Panel members were also asked which specific factors were behind any changes in morale. Perhaps unsurprisingly clinical staffing levels, available resources and caseload were cited as the top three issues.
Other top issues cited by the panel members are also worthy of attention. Leadership and culture of trusts were highlighted, both of which were considered in the NHS Interim People plan, as were admin staffing levels, an area which the Carter Review of mental health and community providers recommended is addressed.
Mental health trusts leading the way through challenge
Under the Single Oversight Framework, which enables NHS Improvement to oversee the performance of NHS trusts across the country, the performance of mental health trusts is seen to be relatively strong on the whole, especially in contrast to that of acute trusts.
The performance of NHS trusts is monitored on: quality of care; finance and use of resources; operational performance; strategic change; and, leadership and improvement capability. 91% of mental health trusts received the top two ratings as of 3 June, compared to only 51% of acute trusts, reflecting strong financial management and performance of mental health trusts.
In RCPsych’s submission to NHS England for the NHS Long Term Plan last year, we included expectations about how mental health trust ratings awarded by the Care Quality Commission should improve over time. We felt it was achievable for the ‘outstanding’ or ‘good’ ratings to be applied to at least 60% of trusts for safety, 80% for effectiveness and 90% for being well-led by 2029. Our Mental Health Watch charts reveal the state of play to be 39%, 76% and 76% respectively on 4 June.
However just 32% of respondents to our latest quarterly Research Panel survey expressed confidence in the capability of local leadership to improve mental health services.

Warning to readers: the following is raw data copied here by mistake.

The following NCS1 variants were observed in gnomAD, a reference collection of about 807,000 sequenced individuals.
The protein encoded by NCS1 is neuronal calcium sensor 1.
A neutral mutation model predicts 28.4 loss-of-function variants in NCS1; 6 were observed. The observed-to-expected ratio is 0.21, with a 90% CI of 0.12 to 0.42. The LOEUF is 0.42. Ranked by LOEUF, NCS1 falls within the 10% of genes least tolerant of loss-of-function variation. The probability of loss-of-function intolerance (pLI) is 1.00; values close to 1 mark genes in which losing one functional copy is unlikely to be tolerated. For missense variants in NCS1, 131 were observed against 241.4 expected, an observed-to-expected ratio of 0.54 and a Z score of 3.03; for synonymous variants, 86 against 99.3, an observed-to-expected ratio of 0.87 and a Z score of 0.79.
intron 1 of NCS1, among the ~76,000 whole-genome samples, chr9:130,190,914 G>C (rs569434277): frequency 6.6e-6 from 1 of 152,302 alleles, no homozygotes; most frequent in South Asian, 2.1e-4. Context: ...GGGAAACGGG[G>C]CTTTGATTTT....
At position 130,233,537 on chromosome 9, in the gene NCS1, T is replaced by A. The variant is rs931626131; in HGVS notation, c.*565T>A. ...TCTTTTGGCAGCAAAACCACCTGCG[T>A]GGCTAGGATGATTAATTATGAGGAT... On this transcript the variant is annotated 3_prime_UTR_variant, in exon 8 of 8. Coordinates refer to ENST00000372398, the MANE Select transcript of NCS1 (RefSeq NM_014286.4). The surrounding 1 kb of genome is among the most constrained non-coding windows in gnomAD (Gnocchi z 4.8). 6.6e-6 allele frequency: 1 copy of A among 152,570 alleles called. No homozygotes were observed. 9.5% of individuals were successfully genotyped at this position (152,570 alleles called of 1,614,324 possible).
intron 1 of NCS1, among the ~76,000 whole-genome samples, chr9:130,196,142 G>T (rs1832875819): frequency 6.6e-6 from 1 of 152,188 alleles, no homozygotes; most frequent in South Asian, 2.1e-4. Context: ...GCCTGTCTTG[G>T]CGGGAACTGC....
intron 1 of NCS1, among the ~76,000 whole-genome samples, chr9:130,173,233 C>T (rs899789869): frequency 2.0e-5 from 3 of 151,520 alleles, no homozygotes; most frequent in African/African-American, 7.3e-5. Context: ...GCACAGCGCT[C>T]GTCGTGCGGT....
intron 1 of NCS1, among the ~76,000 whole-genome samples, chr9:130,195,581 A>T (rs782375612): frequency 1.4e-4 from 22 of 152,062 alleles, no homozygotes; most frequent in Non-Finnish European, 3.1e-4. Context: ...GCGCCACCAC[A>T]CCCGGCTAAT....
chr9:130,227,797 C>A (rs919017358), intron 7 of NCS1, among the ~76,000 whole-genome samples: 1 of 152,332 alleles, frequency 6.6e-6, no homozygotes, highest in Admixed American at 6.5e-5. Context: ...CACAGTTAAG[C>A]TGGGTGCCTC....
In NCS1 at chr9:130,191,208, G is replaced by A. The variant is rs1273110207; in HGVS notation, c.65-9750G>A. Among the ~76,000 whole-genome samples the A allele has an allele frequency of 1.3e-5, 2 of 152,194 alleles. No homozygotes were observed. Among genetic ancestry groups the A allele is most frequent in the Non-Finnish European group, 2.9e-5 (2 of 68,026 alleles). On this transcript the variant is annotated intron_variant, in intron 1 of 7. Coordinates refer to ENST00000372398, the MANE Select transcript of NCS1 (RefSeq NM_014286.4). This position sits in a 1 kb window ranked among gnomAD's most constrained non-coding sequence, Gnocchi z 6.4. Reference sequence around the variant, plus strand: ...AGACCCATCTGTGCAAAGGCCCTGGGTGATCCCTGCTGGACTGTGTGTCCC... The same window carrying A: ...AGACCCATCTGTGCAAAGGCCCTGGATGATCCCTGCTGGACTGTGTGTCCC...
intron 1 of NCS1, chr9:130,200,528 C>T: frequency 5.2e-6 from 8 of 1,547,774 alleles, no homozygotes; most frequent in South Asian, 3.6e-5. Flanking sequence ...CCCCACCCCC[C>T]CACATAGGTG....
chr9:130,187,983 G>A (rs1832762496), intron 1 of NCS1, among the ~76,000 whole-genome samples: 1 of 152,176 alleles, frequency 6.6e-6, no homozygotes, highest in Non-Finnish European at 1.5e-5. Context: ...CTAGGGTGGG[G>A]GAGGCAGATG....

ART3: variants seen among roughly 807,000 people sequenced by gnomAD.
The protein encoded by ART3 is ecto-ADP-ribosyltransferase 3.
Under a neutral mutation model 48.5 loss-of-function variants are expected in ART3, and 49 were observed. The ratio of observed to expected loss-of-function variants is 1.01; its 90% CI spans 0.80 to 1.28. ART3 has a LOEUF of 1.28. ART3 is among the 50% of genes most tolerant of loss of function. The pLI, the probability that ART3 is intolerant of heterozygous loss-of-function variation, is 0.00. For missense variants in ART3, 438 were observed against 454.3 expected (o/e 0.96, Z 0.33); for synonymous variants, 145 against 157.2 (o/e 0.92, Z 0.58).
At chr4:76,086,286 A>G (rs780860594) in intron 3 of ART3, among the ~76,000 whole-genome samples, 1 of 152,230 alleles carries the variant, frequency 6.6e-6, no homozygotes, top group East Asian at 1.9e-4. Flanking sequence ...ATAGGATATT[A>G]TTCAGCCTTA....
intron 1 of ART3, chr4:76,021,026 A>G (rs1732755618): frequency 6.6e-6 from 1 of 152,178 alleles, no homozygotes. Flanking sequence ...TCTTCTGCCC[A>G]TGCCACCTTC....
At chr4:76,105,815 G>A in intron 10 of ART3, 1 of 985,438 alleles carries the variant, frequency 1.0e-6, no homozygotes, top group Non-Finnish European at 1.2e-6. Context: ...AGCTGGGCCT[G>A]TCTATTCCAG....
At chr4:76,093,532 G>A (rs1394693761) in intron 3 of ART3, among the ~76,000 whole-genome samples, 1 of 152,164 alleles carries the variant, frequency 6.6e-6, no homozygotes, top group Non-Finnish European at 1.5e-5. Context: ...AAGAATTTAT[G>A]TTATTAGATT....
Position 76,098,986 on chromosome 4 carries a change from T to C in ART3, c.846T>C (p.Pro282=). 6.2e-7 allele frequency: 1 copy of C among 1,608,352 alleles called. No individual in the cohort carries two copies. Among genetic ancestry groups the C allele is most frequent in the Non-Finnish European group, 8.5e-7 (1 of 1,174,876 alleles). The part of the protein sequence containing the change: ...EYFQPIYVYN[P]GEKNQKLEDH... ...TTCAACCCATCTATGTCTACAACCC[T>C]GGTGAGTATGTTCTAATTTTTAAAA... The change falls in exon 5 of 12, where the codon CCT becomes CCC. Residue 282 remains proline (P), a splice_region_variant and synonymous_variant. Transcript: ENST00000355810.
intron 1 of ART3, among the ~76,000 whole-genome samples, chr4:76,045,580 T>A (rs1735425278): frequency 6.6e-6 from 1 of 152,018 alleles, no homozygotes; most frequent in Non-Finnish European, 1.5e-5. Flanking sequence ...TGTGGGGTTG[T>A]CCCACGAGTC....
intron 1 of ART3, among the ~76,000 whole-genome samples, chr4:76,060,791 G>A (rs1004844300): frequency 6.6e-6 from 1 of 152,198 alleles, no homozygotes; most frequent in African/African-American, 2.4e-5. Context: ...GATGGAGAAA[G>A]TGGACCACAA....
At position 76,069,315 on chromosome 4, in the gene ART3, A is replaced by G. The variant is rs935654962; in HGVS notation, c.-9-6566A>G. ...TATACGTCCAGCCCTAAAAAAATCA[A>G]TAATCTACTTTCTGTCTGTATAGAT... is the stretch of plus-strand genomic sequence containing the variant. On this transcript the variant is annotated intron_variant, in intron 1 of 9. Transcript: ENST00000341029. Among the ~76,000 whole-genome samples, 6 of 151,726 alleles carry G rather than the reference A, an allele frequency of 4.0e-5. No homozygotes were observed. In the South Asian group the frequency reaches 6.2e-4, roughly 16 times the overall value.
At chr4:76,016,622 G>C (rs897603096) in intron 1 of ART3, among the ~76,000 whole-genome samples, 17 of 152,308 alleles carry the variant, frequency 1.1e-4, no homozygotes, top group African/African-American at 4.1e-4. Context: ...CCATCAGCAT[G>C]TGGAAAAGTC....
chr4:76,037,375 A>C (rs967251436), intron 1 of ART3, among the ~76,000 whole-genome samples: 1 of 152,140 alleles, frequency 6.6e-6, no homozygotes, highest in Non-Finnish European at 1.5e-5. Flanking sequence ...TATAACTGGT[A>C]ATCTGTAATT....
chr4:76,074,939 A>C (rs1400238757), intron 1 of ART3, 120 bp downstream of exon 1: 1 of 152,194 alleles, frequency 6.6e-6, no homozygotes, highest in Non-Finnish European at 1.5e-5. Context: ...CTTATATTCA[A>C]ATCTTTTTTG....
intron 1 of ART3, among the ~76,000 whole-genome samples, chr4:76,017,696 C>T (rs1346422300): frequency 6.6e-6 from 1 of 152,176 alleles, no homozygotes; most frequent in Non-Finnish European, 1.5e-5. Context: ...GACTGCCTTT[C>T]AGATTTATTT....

What is the bottom line?
We are awaiting final spending data for the 2018/19 financial year with great interest. We hope to be able to share these in time for the next edition of Mental Health Watch, pending on national bodies’ publication schedules. In the meantime, planned spend per head for 2018/19 can be compared to the final figure for 2017/18. Across England the planned spend per person on mental health services is £185, compared to £181.22 actual spend per head in 2017/18. Masked in these figures is wide regional variation with Cumbria and North East STP planning to spend £247 per head while Surrey Heartlands plans to spend £126 per head.
It should be noted that spending data published by NHS England for CCGs and STPs includes learning disabilities and dementia, however the ‘Mental Health Investment Standard’ assessment does not cover spending on these two areas. As a result, it is difficult to get a clear picture of local spending. It is possible for an area to meet the MHIS while having a reduction in spending per head using the reported figures and so this is an area which will be further reviewed in future editions of Mental Health Watch.